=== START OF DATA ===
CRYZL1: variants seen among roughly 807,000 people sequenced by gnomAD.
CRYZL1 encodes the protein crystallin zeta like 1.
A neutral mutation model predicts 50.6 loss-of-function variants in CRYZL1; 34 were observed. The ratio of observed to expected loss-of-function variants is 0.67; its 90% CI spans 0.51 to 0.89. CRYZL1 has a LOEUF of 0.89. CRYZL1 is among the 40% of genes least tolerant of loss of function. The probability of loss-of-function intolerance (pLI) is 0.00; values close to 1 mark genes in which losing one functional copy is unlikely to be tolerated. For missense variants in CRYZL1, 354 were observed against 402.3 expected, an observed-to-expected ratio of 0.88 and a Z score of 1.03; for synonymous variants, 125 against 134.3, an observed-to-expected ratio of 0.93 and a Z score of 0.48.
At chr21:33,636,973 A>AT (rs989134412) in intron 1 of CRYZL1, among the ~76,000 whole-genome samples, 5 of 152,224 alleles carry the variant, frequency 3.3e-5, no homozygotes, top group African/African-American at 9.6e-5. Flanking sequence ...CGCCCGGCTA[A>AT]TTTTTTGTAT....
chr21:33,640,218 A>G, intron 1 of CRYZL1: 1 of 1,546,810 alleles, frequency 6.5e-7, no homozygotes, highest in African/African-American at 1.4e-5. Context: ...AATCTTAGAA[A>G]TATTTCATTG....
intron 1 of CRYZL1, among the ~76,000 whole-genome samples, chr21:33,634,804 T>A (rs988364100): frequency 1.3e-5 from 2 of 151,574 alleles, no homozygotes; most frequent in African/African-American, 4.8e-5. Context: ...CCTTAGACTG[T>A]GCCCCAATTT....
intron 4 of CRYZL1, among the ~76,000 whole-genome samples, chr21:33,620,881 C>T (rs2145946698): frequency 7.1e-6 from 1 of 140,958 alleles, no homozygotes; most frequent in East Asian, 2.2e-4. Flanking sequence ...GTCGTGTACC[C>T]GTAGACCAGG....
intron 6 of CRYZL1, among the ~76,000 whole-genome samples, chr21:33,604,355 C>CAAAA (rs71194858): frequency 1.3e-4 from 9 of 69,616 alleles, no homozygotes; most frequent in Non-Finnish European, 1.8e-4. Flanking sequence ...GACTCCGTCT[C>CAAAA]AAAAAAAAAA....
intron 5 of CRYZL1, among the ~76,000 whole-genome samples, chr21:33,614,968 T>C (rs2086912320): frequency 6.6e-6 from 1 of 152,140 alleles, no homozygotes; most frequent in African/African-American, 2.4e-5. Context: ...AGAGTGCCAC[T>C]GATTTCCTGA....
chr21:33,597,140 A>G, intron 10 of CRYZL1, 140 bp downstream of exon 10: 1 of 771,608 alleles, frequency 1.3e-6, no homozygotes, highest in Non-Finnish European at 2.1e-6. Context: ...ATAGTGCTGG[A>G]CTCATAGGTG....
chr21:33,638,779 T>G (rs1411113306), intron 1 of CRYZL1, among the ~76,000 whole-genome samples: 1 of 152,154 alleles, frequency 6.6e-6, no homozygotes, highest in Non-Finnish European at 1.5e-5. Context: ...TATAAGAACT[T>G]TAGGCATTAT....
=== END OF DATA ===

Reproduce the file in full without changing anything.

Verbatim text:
CRYZL1: variants seen among roughly 807,000 people sequenced by gnomAD.
CRYZL1 encodes the protein crystallin zeta like 1.
A neutral mutation model predicts 50.6 loss-of-function variants in CRYZL1; 34 were observed. The ratio of observed to expected loss-of-function variants is 0.67; its 90% CI spans 0.51 to 0.89. CRYZL1 has a LOEUF of 0.89. CRYZL1 is among the 40% of genes least tolerant of loss of function. The probability of loss-of-function intolerance (pLI) is 0.00; values close to 1 mark genes in which losing one functional copy is unlikely to be tolerated. For missense variants in CRYZL1, 354 were observed against 402.3 expected, an observed-to-expected ratio of 0.88 and a Z score of 1.03; for synonymous variants, 125 against 134.3, an observed-to-expected ratio of 0.93 and a Z score of 0.48.
At chr21:33,636,973 A>AT (rs989134412) in intron 1 of CRYZL1, among the ~76,000 whole-genome samples, 5 of 152,224 alleles carry the variant, frequency 3.3e-5, no homozygotes, top group African/African-American at 9.6e-5. Flanking sequence ...CGCCCGGCTA[A>AT]TTTTTTGTAT....
chr21:33,640,218 A>G, intron 1 of CRYZL1: 1 of 1,546,810 alleles, frequency 6.5e-7, no homozygotes, highest in African/African-American at 1.4e-5. Context: ...AATCTTAGAA[A>G]TATTTCATTG....
intron 1 of CRYZL1, among the ~76,000 whole-genome samples, chr21:33,634,804 T>A (rs988364100): frequency 1.3e-5 from 2 of 151,574 alleles, no homozygotes; most frequent in African/African-American, 4.8e-5. Context: ...CCTTAGACTG[T>A]GCCCCAATTT....
intron 4 of CRYZL1, among the ~76,000 whole-genome samples, chr21:33,620,881 C>T (rs2145946698): frequency 7.1e-6 from 1 of 140,958 alleles, no homozygotes; most frequent in East Asian, 2.2e-4. Flanking sequence ...GTCGTGTACC[C>T]GTAGACCAGG....
intron 6 of CRYZL1, among the ~76,000 whole-genome samples, chr21:33,604,355 C>CAAAA (rs71194858): frequency 1.3e-4 from 9 of 69,616 alleles, no homozygotes; most frequent in Non-Finnish European, 1.8e-4. Flanking sequence ...GACTCCGTCT[C>CAAAA]AAAAAAAAAA....
intron 5 of CRYZL1, among the ~76,000 whole-genome samples, chr21:33,614,968 T>C (rs2086912320): frequency 6.6e-6 from 1 of 152,140 alleles, no homozygotes; most frequent in African/African-American, 2.4e-5. Context: ...AGAGTGCCAC[T>C]GATTTCCTGA....
chr21:33,597,140 A>G, intron 10 of CRYZL1, 140 bp downstream of exon 10: 1 of 771,608 alleles, frequency 1.3e-6, no homozygotes, highest in Non-Finnish European at 2.1e-6. Context: ...ATAGTGCTGG[A>G]CTCATAGGTG....
chr21:33,638,779 T>G (rs1411113306), intron 1 of CRYZL1, among the ~76,000 whole-genome samples: 1 of 152,154 alleles, frequency 6.6e-6, no homozygotes, highest in Non-Finnish European at 1.5e-5. Context: ...TATAAGAACT[T>G]TAGGCATTAT....